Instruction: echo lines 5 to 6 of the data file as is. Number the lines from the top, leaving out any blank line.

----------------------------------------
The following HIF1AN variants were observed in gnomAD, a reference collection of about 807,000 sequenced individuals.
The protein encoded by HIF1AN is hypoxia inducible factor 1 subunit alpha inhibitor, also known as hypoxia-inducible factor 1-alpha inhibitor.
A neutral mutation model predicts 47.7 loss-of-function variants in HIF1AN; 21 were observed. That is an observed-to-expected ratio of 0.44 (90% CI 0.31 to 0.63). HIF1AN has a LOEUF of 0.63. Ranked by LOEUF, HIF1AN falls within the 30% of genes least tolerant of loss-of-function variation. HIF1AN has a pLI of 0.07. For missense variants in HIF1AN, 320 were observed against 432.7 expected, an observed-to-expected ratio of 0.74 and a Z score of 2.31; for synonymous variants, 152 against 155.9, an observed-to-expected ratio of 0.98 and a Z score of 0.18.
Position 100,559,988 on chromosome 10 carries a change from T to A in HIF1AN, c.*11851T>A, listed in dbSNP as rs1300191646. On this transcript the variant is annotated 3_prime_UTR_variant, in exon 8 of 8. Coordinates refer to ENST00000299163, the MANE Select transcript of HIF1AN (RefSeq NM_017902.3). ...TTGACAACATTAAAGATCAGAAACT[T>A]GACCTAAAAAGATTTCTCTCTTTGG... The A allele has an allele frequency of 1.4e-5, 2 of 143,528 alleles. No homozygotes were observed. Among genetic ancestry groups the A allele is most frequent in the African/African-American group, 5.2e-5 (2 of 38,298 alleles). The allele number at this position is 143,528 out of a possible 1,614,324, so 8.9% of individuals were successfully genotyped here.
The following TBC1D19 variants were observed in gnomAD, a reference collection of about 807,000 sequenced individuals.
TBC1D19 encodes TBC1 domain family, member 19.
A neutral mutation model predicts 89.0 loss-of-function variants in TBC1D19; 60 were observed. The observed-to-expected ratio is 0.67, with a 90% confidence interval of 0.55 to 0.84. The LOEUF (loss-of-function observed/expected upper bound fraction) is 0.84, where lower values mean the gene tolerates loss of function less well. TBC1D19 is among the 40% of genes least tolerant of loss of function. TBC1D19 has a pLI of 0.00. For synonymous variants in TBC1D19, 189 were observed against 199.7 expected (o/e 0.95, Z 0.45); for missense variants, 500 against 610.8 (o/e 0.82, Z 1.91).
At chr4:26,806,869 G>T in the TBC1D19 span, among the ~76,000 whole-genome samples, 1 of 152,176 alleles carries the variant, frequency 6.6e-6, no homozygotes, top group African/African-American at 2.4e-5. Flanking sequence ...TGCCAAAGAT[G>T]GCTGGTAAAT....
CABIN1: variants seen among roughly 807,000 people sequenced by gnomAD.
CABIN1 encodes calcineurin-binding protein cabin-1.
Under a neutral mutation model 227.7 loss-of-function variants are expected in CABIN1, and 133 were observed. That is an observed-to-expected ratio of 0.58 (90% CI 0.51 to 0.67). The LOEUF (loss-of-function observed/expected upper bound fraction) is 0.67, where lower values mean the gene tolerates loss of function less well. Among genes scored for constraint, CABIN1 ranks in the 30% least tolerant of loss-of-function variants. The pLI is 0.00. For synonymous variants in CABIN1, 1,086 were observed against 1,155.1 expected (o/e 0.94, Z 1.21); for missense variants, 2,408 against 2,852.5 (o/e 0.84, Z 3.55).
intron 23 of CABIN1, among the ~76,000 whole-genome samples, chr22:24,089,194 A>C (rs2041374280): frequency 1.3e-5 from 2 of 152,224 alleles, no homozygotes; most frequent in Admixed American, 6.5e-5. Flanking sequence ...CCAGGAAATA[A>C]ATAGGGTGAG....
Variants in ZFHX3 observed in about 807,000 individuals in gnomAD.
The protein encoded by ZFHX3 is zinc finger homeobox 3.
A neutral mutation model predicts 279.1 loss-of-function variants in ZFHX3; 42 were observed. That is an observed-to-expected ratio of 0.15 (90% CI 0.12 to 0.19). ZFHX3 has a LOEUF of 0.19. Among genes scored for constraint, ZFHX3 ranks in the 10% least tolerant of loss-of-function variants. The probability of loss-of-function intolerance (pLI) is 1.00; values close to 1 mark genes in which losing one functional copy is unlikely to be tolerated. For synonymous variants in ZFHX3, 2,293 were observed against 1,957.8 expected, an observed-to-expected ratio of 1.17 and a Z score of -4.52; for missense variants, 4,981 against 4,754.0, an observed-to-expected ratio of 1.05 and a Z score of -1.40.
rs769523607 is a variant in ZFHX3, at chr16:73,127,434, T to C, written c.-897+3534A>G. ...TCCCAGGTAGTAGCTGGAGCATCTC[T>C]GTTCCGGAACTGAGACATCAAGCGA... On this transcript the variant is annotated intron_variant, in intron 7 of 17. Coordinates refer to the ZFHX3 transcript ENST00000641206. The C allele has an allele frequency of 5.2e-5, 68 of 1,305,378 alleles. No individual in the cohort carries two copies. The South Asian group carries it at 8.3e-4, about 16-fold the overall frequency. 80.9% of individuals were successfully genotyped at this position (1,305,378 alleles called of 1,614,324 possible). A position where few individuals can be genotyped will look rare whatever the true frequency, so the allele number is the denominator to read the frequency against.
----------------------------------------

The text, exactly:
The following TBC1D19 variants were observed in gnomAD, a reference collection of about 807,000 sequenced individuals.
TBC1D19 encodes TBC1 domain family, member 19.